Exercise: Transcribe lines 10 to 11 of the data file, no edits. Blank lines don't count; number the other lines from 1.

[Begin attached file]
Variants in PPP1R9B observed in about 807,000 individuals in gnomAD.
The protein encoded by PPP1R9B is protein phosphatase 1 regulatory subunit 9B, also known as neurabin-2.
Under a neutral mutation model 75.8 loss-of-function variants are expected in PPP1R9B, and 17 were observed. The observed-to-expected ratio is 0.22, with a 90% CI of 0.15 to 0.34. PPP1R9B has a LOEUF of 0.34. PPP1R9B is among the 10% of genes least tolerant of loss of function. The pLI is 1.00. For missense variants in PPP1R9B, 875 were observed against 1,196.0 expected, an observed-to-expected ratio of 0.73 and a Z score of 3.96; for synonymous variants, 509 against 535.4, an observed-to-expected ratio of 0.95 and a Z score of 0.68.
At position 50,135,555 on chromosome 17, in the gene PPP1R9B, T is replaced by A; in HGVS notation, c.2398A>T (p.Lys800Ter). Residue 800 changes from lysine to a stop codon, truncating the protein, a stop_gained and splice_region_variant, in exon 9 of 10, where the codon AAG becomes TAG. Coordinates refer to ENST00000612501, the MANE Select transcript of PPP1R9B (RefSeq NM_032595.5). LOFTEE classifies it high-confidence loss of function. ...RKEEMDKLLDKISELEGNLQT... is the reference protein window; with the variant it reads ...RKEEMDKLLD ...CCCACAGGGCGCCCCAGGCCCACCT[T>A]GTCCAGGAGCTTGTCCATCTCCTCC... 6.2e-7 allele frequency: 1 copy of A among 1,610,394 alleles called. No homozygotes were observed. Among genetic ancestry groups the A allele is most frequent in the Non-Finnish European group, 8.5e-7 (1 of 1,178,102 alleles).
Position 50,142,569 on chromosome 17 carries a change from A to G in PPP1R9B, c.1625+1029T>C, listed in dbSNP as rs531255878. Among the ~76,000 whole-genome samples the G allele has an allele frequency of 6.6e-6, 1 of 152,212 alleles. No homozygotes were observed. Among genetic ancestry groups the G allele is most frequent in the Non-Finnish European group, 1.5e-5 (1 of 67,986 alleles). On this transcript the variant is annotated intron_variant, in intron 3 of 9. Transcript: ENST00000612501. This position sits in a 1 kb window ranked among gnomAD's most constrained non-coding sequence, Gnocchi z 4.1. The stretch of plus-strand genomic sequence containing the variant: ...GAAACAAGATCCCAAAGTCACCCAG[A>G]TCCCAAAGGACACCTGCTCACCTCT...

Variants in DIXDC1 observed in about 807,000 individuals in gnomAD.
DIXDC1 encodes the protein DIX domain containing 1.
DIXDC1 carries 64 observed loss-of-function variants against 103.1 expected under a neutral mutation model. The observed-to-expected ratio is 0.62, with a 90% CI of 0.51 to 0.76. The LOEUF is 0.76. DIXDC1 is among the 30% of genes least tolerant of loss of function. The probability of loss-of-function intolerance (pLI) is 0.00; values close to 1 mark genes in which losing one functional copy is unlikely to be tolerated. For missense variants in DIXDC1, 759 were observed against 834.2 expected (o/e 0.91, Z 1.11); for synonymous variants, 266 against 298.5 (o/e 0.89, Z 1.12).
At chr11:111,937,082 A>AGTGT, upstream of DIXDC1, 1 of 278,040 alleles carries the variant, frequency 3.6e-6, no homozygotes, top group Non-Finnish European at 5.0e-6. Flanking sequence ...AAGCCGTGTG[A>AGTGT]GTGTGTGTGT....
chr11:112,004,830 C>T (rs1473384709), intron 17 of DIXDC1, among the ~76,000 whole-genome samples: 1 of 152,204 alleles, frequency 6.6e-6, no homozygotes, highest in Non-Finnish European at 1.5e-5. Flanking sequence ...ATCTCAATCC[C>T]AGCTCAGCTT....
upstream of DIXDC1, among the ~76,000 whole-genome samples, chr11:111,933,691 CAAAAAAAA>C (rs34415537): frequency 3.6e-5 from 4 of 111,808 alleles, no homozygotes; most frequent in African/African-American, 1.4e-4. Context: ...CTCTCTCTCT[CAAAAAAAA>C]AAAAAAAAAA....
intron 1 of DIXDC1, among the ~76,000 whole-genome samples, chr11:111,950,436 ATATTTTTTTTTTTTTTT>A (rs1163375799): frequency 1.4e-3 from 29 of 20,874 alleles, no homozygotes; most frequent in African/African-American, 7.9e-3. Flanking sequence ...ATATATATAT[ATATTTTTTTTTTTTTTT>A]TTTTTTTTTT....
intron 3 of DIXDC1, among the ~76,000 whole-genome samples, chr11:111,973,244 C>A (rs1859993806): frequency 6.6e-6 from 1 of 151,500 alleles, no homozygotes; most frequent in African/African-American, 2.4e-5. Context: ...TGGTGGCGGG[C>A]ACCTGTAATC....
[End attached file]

chr11:112,004,830 C>T (rs1473384709), intron 17 of DIXDC1, among the ~76,000 whole-genome samples: 1 of 152,204 alleles, frequency 6.6e-6, no homozygotes, highest in Non-Finnish European at 1.5e-5. Flanking sequence ...ATCTCAATCC[C>T]AGCTCAGCTT....
upstream of DIXDC1, among the ~76,000 whole-genome samples, chr11:111,933,691 CAAAAAAAA>C (rs34415537): frequency 3.6e-5 from 4 of 111,808 alleles, no homozygotes; most frequent in African/African-American, 1.4e-4. Context: ...CTCTCTCTCT[CAAAAAAAA>C]AAAAAAAAAA....